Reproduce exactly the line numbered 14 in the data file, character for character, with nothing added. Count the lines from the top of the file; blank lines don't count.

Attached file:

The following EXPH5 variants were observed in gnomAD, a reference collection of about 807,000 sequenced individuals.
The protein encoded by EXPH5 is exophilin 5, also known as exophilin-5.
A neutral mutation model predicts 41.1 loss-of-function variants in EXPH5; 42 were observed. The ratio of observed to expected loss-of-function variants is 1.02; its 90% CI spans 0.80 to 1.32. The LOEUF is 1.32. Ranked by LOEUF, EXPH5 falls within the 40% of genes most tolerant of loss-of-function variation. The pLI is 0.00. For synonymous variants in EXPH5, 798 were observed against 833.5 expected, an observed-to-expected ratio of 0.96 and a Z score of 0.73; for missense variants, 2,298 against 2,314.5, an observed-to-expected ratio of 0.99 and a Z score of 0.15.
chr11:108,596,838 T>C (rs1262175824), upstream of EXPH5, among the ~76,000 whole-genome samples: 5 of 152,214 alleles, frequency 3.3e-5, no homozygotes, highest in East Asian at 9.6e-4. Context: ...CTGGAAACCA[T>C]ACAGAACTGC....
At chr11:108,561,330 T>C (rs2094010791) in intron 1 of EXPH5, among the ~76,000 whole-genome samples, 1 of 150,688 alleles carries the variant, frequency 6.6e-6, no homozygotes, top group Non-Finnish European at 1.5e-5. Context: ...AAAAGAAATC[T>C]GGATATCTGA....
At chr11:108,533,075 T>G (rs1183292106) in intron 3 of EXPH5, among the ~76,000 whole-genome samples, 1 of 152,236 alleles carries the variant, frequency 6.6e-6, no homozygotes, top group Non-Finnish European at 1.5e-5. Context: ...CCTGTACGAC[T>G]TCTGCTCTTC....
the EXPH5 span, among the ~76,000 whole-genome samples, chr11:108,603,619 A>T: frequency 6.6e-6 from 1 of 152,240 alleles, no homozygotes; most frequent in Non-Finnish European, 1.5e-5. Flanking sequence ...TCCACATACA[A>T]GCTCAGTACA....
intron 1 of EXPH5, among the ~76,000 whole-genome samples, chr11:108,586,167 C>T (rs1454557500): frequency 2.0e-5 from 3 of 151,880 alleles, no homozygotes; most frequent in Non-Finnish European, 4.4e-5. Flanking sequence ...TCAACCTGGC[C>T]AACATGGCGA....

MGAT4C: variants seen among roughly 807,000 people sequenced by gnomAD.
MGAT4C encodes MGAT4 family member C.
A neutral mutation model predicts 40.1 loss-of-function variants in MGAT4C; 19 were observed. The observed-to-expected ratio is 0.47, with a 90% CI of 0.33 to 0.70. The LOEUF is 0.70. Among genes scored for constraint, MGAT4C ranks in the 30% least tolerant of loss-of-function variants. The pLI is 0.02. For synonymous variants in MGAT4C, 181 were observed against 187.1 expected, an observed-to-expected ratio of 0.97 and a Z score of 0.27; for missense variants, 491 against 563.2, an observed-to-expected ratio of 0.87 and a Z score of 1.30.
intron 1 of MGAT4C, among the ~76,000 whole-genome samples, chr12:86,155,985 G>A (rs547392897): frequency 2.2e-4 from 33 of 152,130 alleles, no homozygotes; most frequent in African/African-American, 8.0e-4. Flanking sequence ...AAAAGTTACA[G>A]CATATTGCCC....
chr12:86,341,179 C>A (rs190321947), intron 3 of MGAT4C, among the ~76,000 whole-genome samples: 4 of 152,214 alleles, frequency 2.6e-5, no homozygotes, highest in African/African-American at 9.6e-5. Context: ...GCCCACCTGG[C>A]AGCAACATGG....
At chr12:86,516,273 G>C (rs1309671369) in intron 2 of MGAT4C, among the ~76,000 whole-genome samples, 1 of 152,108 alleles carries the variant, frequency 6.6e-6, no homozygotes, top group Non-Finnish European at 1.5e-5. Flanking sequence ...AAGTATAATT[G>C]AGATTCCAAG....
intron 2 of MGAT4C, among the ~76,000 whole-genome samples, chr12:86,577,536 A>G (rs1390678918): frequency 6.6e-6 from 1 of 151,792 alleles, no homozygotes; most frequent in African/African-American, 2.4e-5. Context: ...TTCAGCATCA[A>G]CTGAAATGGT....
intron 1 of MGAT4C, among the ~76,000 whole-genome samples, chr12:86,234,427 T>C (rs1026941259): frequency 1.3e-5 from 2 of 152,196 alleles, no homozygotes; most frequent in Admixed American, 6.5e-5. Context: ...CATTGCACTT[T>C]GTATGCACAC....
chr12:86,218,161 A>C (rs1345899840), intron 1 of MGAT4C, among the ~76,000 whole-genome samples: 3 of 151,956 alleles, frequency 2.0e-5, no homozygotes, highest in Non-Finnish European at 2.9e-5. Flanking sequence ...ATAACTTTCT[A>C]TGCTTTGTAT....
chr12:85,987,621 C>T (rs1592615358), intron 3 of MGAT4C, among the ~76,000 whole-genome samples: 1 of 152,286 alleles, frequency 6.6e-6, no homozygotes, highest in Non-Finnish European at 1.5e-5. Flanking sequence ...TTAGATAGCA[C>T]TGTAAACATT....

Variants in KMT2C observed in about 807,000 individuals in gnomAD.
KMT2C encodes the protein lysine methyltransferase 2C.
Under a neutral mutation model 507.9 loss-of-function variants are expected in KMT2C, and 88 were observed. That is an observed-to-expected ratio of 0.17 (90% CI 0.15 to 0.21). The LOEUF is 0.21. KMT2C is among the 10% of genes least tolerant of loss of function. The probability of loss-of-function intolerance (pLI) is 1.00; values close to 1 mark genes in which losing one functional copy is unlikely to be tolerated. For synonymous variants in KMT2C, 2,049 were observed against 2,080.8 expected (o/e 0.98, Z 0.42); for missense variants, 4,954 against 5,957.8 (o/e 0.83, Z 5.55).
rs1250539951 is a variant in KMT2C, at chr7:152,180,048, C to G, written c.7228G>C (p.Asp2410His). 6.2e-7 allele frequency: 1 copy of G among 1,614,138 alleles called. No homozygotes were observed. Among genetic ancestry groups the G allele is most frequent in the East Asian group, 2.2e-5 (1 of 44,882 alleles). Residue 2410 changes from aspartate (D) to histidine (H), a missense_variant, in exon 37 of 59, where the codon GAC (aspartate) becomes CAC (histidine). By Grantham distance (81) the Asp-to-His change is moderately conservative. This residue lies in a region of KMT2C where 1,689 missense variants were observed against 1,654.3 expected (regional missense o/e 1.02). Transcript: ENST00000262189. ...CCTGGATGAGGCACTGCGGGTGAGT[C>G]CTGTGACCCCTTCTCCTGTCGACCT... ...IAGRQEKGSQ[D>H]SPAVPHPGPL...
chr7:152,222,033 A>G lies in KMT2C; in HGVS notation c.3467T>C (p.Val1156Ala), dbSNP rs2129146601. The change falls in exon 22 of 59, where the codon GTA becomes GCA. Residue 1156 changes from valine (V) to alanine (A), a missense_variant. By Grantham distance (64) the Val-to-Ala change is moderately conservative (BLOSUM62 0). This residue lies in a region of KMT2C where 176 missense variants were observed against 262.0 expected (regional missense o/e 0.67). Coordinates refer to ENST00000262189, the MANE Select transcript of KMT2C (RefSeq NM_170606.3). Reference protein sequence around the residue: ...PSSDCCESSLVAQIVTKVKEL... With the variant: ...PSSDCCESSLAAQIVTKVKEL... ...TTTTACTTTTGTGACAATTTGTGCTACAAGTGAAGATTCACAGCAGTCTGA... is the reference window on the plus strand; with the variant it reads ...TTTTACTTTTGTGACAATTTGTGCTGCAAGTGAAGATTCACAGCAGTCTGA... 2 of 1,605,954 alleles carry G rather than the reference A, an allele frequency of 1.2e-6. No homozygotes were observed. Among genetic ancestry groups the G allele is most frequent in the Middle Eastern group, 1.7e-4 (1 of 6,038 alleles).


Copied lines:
At chr12:86,516,273 G>C (rs1309671369) in intron 2 of MGAT4C, among the ~76,000 whole-genome samples, 1 of 152,108 alleles carries the variant, frequency 6.6e-6, no homozygotes, top group Non-Finnish European at 1.5e-5. Flanking sequence ...AAGTATAATT[G>C]AGATTCCAAG....